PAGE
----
Timeless Wisdom of Sir John Tempeton

05/18/2017 2:50 am EST


Tony Daltorio

Editor, Investors Alley Premium Digest

My favorite investor of all-time is Sir John Templeton (1912-2008). He may be gone, but he will always be remembered as one of the greatest investors ever, notes Tony Daltorio, editor of the just-launched advisory newsletter, Investing Alley's The Growth Stock Advisor.

John Templeton was the first person to introduce the idea of investing globally to U.S. investors. He launched his flagship Templeton Growth Fund when the thought of ever investing outside U.S. borders had never occurred to most domestic investors.

Sir John's pioneering fund racked up an enviable track record, returning an average of 13.8% annually from 1954 to 2004. Even though we are in 2017, many of Templeton's timeless investing principles apply as much today as back in 1954.

Below are some of Templeton's principles which have shaped how I approach investing and what you can expect to be as the core to my strategy during my tenure as the Growth Stock Advisor editor. I hope you can take some of Sir John's wisdom and incorporate it into your own investing style.

#1 – Buy Low.

Obvious, right? But in practice, many investors do the opposite. They chase hot sectors after dramatic moves higher.  Think of the frenzy among investors in the period leading up to the bursting of the Nasdaq bubble in 2001. Or the similar fate that befell investors that thought the commodity super-cycle, thanks to China's build-out of infrastructure, would never end.

Sir John always scoured the globe for bargains. He told investors to buy when everyone else is selling, when things look darkest, when all the experts say a certain investment is too risky. Templeton wrote “buy when others are despondently selling and sell when others are avidly buying.”

He would often say, “People are always asking me where the outlook is good, but that's the wrong question. The right question is: Where is the outlook most miserable? The obvious application of this concept in practice is to avoid following the crowd.”

#2 – Invest for the Long-Term.

Hand-in-hand with value investing is investing for the long-term. Templeton said, “Experience teaches us that one of the most common errors in selecting stocks… is the tendency to emphasize only the most obvious factor – namely the temporary outlook for sales and profits of the company.”

In other words, ignore Wall Street's emphasis on quarterly earnings reports. Too many investors spend too much time looking at the short-term market outlooks and trends.

Instead focus on long-term trends in sectors such as technology and medicine to spot growth areas to invest in.

#3 – Diversify.

Sir John believed there was no one kind of investment that is always best. Although over the long-term, stocks do outperform other asset classes such as cash and bonds.

No one can predict the future. So, if you're focused too much on one company or sector or country, events can happen that could devastate your portfolio. Sir John advised to diversify by risk, by industry and by country. He would say, “In stocks and bonds, as in much else, there is safety in numbers.”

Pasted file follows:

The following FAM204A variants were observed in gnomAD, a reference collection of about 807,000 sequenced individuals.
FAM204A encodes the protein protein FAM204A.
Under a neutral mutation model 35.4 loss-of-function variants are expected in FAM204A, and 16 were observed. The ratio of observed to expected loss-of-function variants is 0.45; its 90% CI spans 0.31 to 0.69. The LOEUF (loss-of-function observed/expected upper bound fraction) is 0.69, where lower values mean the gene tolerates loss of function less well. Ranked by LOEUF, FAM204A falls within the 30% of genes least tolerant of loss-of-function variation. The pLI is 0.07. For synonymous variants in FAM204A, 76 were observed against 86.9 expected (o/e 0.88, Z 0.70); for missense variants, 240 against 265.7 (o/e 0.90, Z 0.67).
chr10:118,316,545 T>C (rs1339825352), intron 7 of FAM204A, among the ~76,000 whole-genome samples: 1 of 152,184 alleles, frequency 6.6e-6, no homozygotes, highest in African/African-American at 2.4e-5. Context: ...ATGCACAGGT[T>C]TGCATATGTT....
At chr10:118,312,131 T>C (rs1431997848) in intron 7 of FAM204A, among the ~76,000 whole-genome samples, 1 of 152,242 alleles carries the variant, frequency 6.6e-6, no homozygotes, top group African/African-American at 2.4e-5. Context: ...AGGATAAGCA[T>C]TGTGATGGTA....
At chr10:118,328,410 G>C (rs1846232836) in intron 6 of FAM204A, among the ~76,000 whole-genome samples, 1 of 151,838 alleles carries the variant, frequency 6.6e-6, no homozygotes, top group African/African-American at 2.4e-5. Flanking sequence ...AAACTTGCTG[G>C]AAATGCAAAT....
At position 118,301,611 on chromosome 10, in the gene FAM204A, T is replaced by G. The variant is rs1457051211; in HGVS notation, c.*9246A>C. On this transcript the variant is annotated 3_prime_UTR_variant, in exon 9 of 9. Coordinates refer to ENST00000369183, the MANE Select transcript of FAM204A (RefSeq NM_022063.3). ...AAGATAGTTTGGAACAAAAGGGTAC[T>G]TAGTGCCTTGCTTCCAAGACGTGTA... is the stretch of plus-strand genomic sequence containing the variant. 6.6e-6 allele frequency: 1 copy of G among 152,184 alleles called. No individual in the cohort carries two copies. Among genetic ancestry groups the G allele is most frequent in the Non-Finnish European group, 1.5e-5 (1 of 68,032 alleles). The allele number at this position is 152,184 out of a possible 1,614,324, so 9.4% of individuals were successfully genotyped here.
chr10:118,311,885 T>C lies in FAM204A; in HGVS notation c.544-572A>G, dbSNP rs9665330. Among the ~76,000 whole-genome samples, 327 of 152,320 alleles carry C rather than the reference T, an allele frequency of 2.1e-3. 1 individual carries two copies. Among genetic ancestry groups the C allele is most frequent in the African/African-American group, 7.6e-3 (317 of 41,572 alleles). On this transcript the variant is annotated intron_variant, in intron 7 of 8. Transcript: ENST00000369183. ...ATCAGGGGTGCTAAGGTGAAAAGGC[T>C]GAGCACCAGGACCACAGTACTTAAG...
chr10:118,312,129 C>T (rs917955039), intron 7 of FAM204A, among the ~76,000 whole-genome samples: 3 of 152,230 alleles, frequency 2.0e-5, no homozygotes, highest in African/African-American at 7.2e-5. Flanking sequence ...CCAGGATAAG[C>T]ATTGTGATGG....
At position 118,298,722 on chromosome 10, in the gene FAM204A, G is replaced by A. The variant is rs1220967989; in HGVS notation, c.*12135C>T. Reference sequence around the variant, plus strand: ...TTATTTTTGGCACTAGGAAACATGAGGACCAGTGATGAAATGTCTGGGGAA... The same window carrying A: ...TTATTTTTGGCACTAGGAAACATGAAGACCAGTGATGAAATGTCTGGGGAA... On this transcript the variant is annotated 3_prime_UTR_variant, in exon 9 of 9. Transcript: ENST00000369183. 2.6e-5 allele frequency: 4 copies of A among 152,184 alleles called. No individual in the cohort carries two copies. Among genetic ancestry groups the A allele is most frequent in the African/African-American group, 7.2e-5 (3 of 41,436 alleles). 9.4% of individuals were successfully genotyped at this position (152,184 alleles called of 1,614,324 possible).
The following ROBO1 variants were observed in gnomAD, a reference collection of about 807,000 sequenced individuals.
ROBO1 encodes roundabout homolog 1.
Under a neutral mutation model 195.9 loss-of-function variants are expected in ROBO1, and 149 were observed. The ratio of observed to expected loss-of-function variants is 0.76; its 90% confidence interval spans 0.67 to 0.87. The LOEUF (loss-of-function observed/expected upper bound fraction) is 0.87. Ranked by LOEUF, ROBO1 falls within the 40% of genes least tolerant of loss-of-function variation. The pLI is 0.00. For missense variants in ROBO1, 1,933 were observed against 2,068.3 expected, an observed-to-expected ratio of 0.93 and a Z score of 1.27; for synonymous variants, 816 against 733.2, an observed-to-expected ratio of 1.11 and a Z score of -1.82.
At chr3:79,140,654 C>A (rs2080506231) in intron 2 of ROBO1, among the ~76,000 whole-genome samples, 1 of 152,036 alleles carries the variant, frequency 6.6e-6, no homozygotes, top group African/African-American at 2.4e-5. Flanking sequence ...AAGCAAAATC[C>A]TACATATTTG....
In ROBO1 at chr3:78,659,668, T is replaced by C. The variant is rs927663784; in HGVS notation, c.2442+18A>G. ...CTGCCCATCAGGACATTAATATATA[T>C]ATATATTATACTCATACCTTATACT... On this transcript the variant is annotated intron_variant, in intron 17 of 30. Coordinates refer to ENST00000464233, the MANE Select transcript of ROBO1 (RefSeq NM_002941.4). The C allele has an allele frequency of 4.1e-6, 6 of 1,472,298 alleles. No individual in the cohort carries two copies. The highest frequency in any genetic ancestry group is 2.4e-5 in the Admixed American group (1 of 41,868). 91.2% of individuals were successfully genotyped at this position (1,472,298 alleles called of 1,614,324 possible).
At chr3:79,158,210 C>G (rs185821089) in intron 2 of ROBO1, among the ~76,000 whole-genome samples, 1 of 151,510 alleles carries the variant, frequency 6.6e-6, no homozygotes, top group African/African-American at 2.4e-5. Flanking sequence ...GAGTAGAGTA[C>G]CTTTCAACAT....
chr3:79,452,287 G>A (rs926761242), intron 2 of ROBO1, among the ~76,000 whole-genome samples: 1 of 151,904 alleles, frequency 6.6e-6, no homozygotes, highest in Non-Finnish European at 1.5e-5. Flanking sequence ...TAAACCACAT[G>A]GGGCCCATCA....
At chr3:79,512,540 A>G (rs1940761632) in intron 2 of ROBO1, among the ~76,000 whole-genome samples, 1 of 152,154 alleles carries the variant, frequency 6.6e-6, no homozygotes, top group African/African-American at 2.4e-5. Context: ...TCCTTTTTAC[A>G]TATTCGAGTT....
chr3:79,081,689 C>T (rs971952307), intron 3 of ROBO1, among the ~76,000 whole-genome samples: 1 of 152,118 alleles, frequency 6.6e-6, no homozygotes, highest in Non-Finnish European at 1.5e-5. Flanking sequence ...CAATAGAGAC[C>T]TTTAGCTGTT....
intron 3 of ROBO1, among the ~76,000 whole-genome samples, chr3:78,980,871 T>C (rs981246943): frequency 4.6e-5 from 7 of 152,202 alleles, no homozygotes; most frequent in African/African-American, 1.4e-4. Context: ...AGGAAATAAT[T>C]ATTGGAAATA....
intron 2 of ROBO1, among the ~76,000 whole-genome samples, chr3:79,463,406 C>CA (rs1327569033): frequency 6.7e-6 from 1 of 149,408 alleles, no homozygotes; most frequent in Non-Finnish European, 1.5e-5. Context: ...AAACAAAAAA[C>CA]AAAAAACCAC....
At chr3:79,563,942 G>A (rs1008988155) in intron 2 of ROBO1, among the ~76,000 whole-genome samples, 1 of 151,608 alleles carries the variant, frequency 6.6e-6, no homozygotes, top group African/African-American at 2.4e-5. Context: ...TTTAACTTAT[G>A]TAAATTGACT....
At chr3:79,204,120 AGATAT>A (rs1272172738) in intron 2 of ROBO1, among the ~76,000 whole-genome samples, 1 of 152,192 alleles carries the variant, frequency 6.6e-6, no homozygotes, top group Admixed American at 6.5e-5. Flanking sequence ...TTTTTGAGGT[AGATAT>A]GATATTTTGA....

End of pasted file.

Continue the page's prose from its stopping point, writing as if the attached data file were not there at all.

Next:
#4 – Learn from Past Mistakes.

Everyone makes mistakes investing, even Sir John. As he said, “the only way to avoid mistakes is to not invest – which is the biggest mistake of all.”

Templeton urged investors not to become discouraged. But he warned against taking even greater risks to try and recoup your loss all at once.

Sir John believed that the difference between successful investors and those that are not is that successful investors learn from their mistakes and the mistakes of others.

Anytime you hear someone on CNBC say it's a new era or it's different today, run for the hills.

This is a true investing gem: Templeton wrote “the investor who says, “This time is different”, when in fact it's virtually a repeat of an earlier situation, has uttered among the four most costly words in the annals of investing.”

Those investors are simply repeating the same mistakes of a past generation but without realizing it. Let’s not be those investors.

#5 – Don't Be Overconfident. I

In other words, always question your investment approach. Is it still valid? Sir John wrote, “Everything is in a constant state of change, and the wise investor recognizes that success is a process of continually seeking answers to new questions.”

A great example of this is how much the investment climate has changed surrounding energy MLPs. Investors poured tens of billions of dollars into funds investing in the sector, only to see losses mount as the price of oil plunged.

Believers in a permanently high plateau for oil prices were given a rude awakening as the price of oil plummeted from above $110 a barrel in the summer of 2013 to the mid-$20s a barrel in January 2016.

Other Templeton Insights

There are other insights to be gleaned from Sir John's vast experience.

Sir John Templeton was not a fan of trading - “the stock market is not a casino.” I am in total agreement with that statement.

Nor was he a fan of index funds - “If you buy the same securities everyone else is buying, you will have the same results as everyone else. By definition, you can't outperform the market if you buy the market.”

And as seen by the performance of the fund he ran, Templeton did an amazing job of beating the market averages over the long-term.
I tend to agree with Templeton on index funds. I have no problem with investors using them as a base, but they should not make up 100% of your portfolio.

Sir John also gave other common sense tips for investors. Such as: not forgetting about inflation and taxes when investing, doing your homework before investing, and always monitoring your investments.

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